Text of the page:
Leave it to Netflix to quietly put out a beautiful, Studio Ghibli-esque production in the form of Hitoyasu Ishida’s masterful Drifting Home. A searing, extraordinary examination on the power of friendship and the meaning of life, this animated gem is slowly-paced but gorgeously made. I was pulled in by the hand-drawn animation, and the eerie atmosphere of a haunted apartment complex—I was honestly not anticipating the sheer amount of emotional complexity that the creative team was able to accomplish.
It is summer break, and for fellow Soccer Club members Kosuke and his best friend, Natsume, it could be the start of a new adventure. Raised as practically brother and sister, the two have been inseparable for years. They grew up together at the Kamonomiya apartment complex. Now, something is different between them. A rift has formed after the tragic death of Kosuke’s grandfather that has yet to be repaired. Their once-home at Kamonomiya complex is set to be demolished. Their pals from the club, Yuzuru and Taisha, concoct a group research project with an obvious but somewhat brilliant name: Operation Ghost Trap! Headed into the restricted area that will grant them access to the haunted apartments, Yuzuru and Taisha are joined by Kosuke in their excitement to see the alleged ghost of a dead child…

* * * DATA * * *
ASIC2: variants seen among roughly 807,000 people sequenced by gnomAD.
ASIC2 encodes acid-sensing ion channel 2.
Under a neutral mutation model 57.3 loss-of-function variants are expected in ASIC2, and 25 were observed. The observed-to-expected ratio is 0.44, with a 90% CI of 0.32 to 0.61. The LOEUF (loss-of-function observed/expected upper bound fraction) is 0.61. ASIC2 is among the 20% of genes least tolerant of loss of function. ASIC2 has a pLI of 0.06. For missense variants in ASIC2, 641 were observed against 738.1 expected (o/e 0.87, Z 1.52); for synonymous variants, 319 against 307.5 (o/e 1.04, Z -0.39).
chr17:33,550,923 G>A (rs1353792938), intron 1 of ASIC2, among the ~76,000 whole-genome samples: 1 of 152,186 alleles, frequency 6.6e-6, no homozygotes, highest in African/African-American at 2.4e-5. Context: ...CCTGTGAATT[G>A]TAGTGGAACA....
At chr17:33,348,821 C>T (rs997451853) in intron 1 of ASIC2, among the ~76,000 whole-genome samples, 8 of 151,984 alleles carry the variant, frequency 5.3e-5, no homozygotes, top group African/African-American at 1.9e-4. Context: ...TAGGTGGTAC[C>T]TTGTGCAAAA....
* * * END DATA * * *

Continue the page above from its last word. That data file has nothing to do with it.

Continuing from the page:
To their surprise, the group discovers Natsume “napping” in the closet of the exact building she used to share with Kosuke. She claims that she is there visiting the mysterious Noppo, who is nowhere to be find. Local bully and queen bee bitch Reina shows up, with her sidekick Juri. Natsume and Kosuke quarrel with one another over a camera that once belonged to Kosuke’s grandfather, and just as Natsume is about to presumably fall to her death, a flash of light and pouring rain introduces some kind of crazy phenomena. The group awaken together still in the same building, but adrift at sea. Surrounded by water and drifting on a floating apartment building, they will all have to work together for any hopes of safely returning to land.
Natsume possesses hidden survival skills, and may know more than she lets on. Past traumas and disagreements between Natsume and Kosuke rise to the surface—they simply must be addressed during their time on the floating apartments, otherwise would we really have a movie? Noppo becomes vital to understanding the grander themes of the story, and even Reina may be more complex than she initially lets on. Reina initially seems a miserable ball of negativity, but is hiding past traumas of her own. Taken at face value, Drifting Home may look a bit silly or childish, but make no mistakes that it has great things to say about going through life adrift.
If I had any minor complaints, I would probably say that at nearly two hours in length, Drifting Home is a bit too long. It could have used tweaking and paring down to be more concise and straight to the point. I think releasing on Netflix will provide a wider audience for Drifting Home than many anime movies have seen previously. As the third full animated film from Studio Colorido (Penguin Highway, A Whisker Away), clearly they have already begun to establish themselves as wizened curators of excellent anime content.
Drifting Home drifts to its final destination—exclusively to Netflix on Friday, September 16th.